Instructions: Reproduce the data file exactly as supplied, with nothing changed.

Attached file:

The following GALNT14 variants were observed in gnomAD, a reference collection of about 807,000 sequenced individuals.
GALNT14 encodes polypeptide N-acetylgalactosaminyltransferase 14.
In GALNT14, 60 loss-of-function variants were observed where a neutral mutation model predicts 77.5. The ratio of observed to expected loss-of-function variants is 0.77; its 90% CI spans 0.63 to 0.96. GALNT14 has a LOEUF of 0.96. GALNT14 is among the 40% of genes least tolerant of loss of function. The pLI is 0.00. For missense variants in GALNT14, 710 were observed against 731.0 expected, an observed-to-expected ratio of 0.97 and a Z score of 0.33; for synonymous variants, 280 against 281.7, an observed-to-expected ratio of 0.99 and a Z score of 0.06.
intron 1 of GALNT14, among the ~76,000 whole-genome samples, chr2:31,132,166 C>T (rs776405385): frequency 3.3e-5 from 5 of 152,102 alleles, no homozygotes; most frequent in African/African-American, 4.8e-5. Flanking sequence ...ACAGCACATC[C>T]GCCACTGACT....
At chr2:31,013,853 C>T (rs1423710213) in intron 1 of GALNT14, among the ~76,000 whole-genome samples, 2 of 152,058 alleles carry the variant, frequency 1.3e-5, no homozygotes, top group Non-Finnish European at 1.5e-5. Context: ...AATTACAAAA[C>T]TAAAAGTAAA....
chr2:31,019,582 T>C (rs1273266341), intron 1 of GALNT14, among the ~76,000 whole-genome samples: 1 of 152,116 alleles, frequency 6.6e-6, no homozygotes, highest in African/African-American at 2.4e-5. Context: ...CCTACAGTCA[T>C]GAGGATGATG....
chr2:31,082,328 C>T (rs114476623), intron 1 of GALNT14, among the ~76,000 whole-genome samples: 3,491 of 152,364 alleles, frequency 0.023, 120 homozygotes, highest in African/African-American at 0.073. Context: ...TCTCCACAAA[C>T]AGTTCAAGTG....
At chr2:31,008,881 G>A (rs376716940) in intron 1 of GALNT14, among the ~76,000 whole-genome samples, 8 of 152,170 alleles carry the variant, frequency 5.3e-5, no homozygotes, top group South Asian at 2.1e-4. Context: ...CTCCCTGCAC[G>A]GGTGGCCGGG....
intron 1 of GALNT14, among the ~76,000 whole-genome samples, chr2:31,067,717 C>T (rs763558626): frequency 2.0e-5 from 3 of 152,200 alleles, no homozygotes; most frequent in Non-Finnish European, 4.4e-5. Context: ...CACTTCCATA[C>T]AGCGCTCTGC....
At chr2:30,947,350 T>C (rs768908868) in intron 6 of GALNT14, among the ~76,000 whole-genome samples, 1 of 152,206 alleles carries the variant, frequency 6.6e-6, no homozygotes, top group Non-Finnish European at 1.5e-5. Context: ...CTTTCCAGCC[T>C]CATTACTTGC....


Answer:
The following GALNT14 variants were observed in gnomAD, a reference collection of about 807,000 sequenced individuals.
GALNT14 encodes polypeptide N-acetylgalactosaminyltransferase 14.
In GALNT14, 60 loss-of-function variants were observed where a neutral mutation model predicts 77.5. The ratio of observed to expected loss-of-function variants is 0.77; its 90% CI spans 0.63 to 0.96. GALNT14 has a LOEUF of 0.96. GALNT14 is among the 40% of genes least tolerant of loss of function. The pLI is 0.00. For missense variants in GALNT14, 710 were observed against 731.0 expected, an observed-to-expected ratio of 0.97 and a Z score of 0.33; for synonymous variants, 280 against 281.7, an observed-to-expected ratio of 0.99 and a Z score of 0.06.
intron 1 of GALNT14, among the ~76,000 whole-genome samples, chr2:31,132,166 C>T (rs776405385): frequency 3.3e-5 from 5 of 152,102 alleles, no homozygotes; most frequent in African/African-American, 4.8e-5. Flanking sequence ...ACAGCACATC[C>T]GCCACTGACT....
At chr2:31,013,853 C>T (rs1423710213) in intron 1 of GALNT14, among the ~76,000 whole-genome samples, 2 of 152,058 alleles carry the variant, frequency 1.3e-5, no homozygotes, top group Non-Finnish European at 1.5e-5. Context: ...AATTACAAAA[C>T]TAAAAGTAAA....
chr2:31,019,582 T>C (rs1273266341), intron 1 of GALNT14, among the ~76,000 whole-genome samples: 1 of 152,116 alleles, frequency 6.6e-6, no homozygotes, highest in African/African-American at 2.4e-5. Context: ...CCTACAGTCA[T>C]GAGGATGATG....
chr2:31,082,328 C>T (rs114476623), intron 1 of GALNT14, among the ~76,000 whole-genome samples: 3,491 of 152,364 alleles, frequency 0.023, 120 homozygotes, highest in African/African-American at 0.073. Context: ...TCTCCACAAA[C>T]AGTTCAAGTG....
At chr2:31,008,881 G>A (rs376716940) in intron 1 of GALNT14, among the ~76,000 whole-genome samples, 8 of 152,170 alleles carry the variant, frequency 5.3e-5, no homozygotes, top group South Asian at 2.1e-4. Context: ...CTCCCTGCAC[G>A]GGTGGCCGGG....
intron 1 of GALNT14, among the ~76,000 whole-genome samples, chr2:31,067,717 C>T (rs763558626): frequency 2.0e-5 from 3 of 152,200 alleles, no homozygotes; most frequent in Non-Finnish European, 4.4e-5. Context: ...CACTTCCATA[C>T]AGCGCTCTGC....
At chr2:30,947,350 T>C (rs768908868) in intron 6 of GALNT14, among the ~76,000 whole-genome samples, 1 of 152,206 alleles carries the variant, frequency 6.6e-6, no homozygotes, top group Non-Finnish European at 1.5e-5. Context: ...CTTTCCAGCC[T>C]CATTACTTGC....